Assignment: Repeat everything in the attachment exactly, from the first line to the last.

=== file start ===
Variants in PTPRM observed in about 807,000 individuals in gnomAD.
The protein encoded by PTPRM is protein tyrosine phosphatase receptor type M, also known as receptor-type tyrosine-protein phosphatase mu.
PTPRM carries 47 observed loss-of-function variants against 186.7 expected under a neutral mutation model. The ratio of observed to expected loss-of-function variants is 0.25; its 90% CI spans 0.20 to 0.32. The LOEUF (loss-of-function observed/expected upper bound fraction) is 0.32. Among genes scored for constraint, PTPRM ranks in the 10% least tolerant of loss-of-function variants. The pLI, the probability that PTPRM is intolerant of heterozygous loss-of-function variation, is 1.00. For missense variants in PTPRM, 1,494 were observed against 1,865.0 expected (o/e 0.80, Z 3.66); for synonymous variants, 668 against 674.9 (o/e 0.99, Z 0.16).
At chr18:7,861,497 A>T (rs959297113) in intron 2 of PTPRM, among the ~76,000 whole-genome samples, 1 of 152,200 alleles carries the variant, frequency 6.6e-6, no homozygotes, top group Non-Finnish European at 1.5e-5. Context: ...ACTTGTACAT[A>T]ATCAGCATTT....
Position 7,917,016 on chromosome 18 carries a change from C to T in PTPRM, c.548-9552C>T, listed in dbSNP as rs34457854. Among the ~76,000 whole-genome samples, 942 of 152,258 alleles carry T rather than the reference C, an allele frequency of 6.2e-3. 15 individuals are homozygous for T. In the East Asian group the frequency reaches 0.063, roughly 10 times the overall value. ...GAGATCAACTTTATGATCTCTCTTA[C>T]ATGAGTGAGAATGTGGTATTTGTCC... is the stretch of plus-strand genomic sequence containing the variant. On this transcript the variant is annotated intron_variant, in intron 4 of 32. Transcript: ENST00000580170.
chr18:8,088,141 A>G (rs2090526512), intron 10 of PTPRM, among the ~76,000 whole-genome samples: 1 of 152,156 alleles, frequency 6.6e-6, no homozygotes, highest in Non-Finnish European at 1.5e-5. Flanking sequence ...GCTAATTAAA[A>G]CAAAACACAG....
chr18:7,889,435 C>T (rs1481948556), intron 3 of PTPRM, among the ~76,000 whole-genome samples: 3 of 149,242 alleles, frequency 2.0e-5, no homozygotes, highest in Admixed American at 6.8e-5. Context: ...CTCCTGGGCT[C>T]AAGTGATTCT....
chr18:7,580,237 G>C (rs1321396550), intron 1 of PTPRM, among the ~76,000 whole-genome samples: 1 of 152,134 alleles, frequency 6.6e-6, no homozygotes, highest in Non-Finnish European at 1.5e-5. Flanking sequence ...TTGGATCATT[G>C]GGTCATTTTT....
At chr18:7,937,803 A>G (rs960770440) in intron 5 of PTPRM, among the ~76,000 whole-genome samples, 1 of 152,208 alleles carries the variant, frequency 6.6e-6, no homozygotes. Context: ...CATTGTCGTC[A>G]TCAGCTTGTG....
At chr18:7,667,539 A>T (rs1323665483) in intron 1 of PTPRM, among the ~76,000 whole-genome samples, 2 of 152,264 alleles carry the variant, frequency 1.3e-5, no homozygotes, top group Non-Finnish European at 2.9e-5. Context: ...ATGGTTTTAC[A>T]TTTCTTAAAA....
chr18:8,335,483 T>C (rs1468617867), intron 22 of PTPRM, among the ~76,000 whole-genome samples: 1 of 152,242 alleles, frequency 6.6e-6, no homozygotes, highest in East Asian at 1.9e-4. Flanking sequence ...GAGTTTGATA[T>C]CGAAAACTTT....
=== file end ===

Variants in PTPRM observed in about 807,000 individuals in gnomAD.
The protein encoded by PTPRM is protein tyrosine phosphatase receptor type M, also known as receptor-type tyrosine-protein phosphatase mu.
PTPRM carries 47 observed loss-of-function variants against 186.7 expected under a neutral mutation model. The ratio of observed to expected loss-of-function variants is 0.25; its 90% CI spans 0.20 to 0.32. The LOEUF (loss-of-function observed/expected upper bound fraction) is 0.32. Among genes scored for constraint, PTPRM ranks in the 10% least tolerant of loss-of-function variants. The pLI, the probability that PTPRM is intolerant of heterozygous loss-of-function variation, is 1.00. For missense variants in PTPRM, 1,494 were observed against 1,865.0 expected (o/e 0.80, Z 3.66); for synonymous variants, 668 against 674.9 (o/e 0.99, Z 0.16).
At chr18:7,861,497 A>T (rs959297113) in intron 2 of PTPRM, among the ~76,000 whole-genome samples, 1 of 152,200 alleles carries the variant, frequency 6.6e-6, no homozygotes, top group Non-Finnish European at 1.5e-5. Context: ...ACTTGTACAT[A>T]ATCAGCATTT....
Position 7,917,016 on chromosome 18 carries a change from C to T in PTPRM, c.548-9552C>T, listed in dbSNP as rs34457854. Among the ~76,000 whole-genome samples, 942 of 152,258 alleles carry T rather than the reference C, an allele frequency of 6.2e-3. 15 individuals are homozygous for T. In the East Asian group the frequency reaches 0.063, roughly 10 times the overall value. ...GAGATCAACTTTATGATCTCTCTTA[C>T]ATGAGTGAGAATGTGGTATTTGTCC... is the stretch of plus-strand genomic sequence containing the variant. On this transcript the variant is annotated intron_variant, in intron 4 of 32. Transcript: ENST00000580170.
chr18:8,088,141 A>G (rs2090526512), intron 10 of PTPRM, among the ~76,000 whole-genome samples: 1 of 152,156 alleles, frequency 6.6e-6, no homozygotes, highest in Non-Finnish European at 1.5e-5. Flanking sequence ...GCTAATTAAA[A>G]CAAAACACAG....
chr18:7,889,435 C>T (rs1481948556), intron 3 of PTPRM, among the ~76,000 whole-genome samples: 3 of 149,242 alleles, frequency 2.0e-5, no homozygotes, highest in Admixed American at 6.8e-5. Context: ...CTCCTGGGCT[C>T]AAGTGATTCT....
chr18:7,580,237 G>C (rs1321396550), intron 1 of PTPRM, among the ~76,000 whole-genome samples: 1 of 152,134 alleles, frequency 6.6e-6, no homozygotes, highest in Non-Finnish European at 1.5e-5. Flanking sequence ...TTGGATCATT[G>C]GGTCATTTTT....
At chr18:7,937,803 A>G (rs960770440) in intron 5 of PTPRM, among the ~76,000 whole-genome samples, 1 of 152,208 alleles carries the variant, frequency 6.6e-6, no homozygotes. Context: ...CATTGTCGTC[A>G]TCAGCTTGTG....
At chr18:7,667,539 A>T (rs1323665483) in intron 1 of PTPRM, among the ~76,000 whole-genome samples, 2 of 152,264 alleles carry the variant, frequency 1.3e-5, no homozygotes, top group Non-Finnish European at 2.9e-5. Context: ...ATGGTTTTAC[A>T]TTTCTTAAAA....
chr18:8,335,483 T>C (rs1468617867), intron 22 of PTPRM, among the ~76,000 whole-genome samples: 1 of 152,242 alleles, frequency 6.6e-6, no homozygotes, highest in East Asian at 1.9e-4. Flanking sequence ...GAGTTTGATA[T>C]CGAAAACTTT....